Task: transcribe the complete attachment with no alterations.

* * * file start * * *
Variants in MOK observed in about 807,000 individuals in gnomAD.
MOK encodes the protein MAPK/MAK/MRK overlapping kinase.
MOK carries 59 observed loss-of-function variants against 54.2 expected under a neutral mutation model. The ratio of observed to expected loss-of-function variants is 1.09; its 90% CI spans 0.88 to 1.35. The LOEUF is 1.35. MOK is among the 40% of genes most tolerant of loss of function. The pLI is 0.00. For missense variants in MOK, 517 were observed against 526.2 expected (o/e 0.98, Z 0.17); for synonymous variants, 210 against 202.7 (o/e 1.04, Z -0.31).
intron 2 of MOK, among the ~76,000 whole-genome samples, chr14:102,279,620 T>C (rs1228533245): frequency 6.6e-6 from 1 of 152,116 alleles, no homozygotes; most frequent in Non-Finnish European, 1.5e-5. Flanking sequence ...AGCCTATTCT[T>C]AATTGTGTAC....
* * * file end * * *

Variants in MOK observed in about 807,000 individuals in gnomAD.
MOK encodes the protein MAPK/MAK/MRK overlapping kinase.
MOK carries 59 observed loss-of-function variants against 54.2 expected under a neutral mutation model. The ratio of observed to expected loss-of-function variants is 1.09; its 90% CI spans 0.88 to 1.35. The LOEUF is 1.35. MOK is among the 40% of genes most tolerant of loss of function. The pLI is 0.00. For missense variants in MOK, 517 were observed against 526.2 expected (o/e 0.98, Z 0.17); for synonymous variants, 210 against 202.7 (o/e 1.04, Z -0.31).
intron 2 of MOK, among the ~76,000 whole-genome samples, chr14:102,279,620 T>C (rs1228533245): frequency 6.6e-6 from 1 of 152,116 alleles, no homozygotes; most frequent in Non-Finnish European, 1.5e-5. Flanking sequence ...AGCCTATTCT[T>C]AATTGTGTAC....